Listen to Hoosier History Live! at 11:30 a.m. each Saturday on WICR 88.7 FM. You also can listen online at the WICR website during the broadcast. And, beginning this week, you can join our new listening group at Bookmama's in Irvington to listen to, and discuss, the Saturday show.
You are invited!
Anniversary soiree rescheduled for Feb. 18 due to winter storm warning
We at Hoosier History Live! are delighted to invite you to our 2nd anniversary party, now scheduled for 5-7 p.m. on Thursday, Feb. 18 (instead of Feb. 5) due to the winter storm warning for Indianapolis.
As we celebrate two years on the air, please do stop by the Morris-Butler House at 1204 N. Park Ave. in Indianapolis for birthday cake and cupcakes, History Mystery questions with prizes, and a demo of our new website with an ever-growing audio library.
We thank Historic Landmarks Foundation of Indiana for hosting.
And do please RSVP to email@example.com.
Feb. 6 show
Terre Haute in the 1920s
With our rotating series about town histories, we typically don't focus exclusively on a single decade. This show will be an exception because Nelson's guest – Tom Roznowski, a musician and radio personality – has spent years researching a new book with an unusual format that's as much a social history of American life in the 1920s as it is a close-up look at Terre Haute.
Written in the form of an old-fashioned city directory – and using Terre Haute's 1927 Polk Directory as a starting point – An American Hometown: Terre Haute, Indiana 1927 (Indiana University Press) examines the city on the Wabash River that in 1927 had 400 grocery stores, three daily newspapers, speakeasies, cigar stores and a self-sufficiency that meant, as Tom puts it, more than 40 percent of the food consumed came from area farms.
He also notes most music was heard live, with four theaters in Terre Haute maintaining house orchestras in 1927, upright pianos in most living rooms, and radio sets just beginning to "pre-empt" entertainment. Through vignettes of individual residents' stories – ranging from a local teacher and a fashion editor to a boxer, a chicken plucker and an inn keep – his book also depicts disturbing aspects of Terre Haute life in 1927. Those include the segregation of blacks into a neighborhood derisively called "Baghdad" and the disdain for destitute residents of an institution known as the County Poor Farm in an era before Social Security and worker's comp.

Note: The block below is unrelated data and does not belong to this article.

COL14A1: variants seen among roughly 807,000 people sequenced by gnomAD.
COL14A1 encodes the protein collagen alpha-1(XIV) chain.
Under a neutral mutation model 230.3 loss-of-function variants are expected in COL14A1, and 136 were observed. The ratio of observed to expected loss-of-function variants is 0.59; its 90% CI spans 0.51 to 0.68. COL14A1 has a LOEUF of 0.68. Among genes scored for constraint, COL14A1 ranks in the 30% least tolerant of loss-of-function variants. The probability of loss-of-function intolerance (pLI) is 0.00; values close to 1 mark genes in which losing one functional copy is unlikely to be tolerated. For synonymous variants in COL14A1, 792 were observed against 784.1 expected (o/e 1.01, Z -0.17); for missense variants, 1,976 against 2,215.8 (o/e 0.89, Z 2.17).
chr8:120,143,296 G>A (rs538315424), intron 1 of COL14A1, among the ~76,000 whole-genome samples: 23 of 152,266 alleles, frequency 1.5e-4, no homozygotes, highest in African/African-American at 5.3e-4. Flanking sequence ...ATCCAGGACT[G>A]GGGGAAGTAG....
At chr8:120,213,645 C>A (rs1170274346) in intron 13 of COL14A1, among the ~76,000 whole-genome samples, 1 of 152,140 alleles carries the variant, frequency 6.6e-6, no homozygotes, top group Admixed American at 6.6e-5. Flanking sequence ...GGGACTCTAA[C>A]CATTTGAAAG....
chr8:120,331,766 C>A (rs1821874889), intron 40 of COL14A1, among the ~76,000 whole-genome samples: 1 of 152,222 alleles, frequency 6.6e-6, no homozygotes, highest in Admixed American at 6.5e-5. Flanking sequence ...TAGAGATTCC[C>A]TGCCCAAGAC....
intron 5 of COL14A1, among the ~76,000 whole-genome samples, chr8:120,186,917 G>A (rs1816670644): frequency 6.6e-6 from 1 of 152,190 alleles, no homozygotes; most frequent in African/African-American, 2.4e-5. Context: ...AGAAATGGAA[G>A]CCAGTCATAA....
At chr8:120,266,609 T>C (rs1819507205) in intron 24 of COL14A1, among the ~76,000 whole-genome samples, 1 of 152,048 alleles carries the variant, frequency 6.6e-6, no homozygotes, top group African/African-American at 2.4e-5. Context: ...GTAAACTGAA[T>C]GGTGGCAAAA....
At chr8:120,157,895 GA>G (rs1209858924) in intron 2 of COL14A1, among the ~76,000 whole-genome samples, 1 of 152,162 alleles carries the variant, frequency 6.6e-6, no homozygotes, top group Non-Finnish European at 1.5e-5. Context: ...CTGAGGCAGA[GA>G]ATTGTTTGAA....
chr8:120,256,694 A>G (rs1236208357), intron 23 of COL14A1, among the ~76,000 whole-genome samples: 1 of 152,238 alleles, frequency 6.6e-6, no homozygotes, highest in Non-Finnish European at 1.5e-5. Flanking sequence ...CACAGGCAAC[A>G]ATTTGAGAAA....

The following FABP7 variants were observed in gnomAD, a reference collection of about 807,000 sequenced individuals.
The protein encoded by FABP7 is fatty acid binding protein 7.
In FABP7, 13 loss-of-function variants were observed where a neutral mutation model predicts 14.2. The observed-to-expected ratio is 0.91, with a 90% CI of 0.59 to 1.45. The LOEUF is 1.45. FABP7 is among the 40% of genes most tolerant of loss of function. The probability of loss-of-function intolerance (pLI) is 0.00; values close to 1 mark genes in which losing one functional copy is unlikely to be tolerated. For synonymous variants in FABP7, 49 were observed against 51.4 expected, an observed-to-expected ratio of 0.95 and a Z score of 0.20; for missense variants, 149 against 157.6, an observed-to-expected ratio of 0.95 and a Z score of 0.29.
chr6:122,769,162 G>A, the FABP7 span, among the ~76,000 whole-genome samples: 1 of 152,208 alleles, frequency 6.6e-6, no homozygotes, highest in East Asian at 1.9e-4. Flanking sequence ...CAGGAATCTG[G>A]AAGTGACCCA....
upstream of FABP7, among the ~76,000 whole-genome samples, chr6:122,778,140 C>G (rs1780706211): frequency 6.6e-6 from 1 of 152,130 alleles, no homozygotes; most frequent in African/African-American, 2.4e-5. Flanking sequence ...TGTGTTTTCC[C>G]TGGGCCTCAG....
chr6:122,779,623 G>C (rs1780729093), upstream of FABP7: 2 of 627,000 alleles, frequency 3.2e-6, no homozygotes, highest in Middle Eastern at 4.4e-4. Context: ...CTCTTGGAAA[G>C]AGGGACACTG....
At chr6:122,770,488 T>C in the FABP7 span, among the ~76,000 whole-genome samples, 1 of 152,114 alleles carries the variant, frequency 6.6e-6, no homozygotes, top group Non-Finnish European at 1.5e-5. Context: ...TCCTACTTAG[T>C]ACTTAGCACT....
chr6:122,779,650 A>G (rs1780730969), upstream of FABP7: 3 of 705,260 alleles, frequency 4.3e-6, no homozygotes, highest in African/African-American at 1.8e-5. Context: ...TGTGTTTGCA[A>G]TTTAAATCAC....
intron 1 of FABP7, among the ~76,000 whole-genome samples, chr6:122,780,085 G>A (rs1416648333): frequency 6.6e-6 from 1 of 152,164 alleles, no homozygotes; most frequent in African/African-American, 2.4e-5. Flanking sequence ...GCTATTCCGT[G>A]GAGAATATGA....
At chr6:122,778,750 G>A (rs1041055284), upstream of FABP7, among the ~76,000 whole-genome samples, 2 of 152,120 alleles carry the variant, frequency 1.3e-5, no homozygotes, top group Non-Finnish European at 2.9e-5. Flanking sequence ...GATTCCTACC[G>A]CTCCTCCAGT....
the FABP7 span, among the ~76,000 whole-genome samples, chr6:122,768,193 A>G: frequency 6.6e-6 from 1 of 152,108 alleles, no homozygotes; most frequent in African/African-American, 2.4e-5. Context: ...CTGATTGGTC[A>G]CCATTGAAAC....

Although Tom is based in Bloomington, where he hosts a radio show on WFIU-FM, he long ago began immersing himself in Terre Haute of the 1920s, an era when the country was, as he puts it, "completing the transition of a rural nation into an urbanized one." Many of the social changes are reflected in the vignettes captured in his book. Observations and insights from An American Hometown: Terre Haute, Indiana 1927 include:
- Horse-drawn vehicles were still a common sight in downtown Terre Haute in 1927. Milk delivery wagons, farm wagons loaded with produce, and peddlers with wagons relied primarily on horses. As a result, the major duties of a resident who listed his job as "street cleaner" in the city directory would have involved cleaning up after horses.
- An extensive mass transit system during the 1920s included electric trolleys that carried about 30,000 passengers daily in Terre Haute.
- The Ku Klux Klan had regular, weekly marches down Wabash Street in Terre Haute in 1927 and supported two local chapters. A veterinarian, whom Tom describes as "bald and bespectacled," reaped local publicity when he was named the Imperial Wizard.
- Among more than 100 physicians in the city in 1927, only one was a woman.
- Boarding houses and rooming houses, often owned by widows, were still prevalent. According to Tom, boarding houses would gradually be phased out because of zoning regulations, occupancy restrictions and insurance requirements.
- "The nearby Wabash River – a repeated subject of story and song – was an integral part of the city's identity. Excursion boats carried passengers to picnic grounds and wooded retreats."
A little thing called the Super Bowl
Roadtripper Chris Gahl of the ICVA will be calling in from the Super Bowl action in Miami and will be suggesting the best fan gathering spots for listeners for Sunday night's game. Of course we expect to see our Indianapolis Colts make Hoosier History! again with a second Super Bowl win!
Speaking of the Colts, did you know that the Hoosier History Live! audio library includes an interview with Mark Herrmann, currently of the NCAA, who played quarterback for the Colts in both Baltimore and Indianapolis? This show aired originally on Feb. 2, 2008, and Mark talked about Colts history in Indianapolis, and the history of the RCA (formerly Hoosier) Dome. This show aired while the RCA Dome was still standing, and before the construction of Lucas Oil Stadium.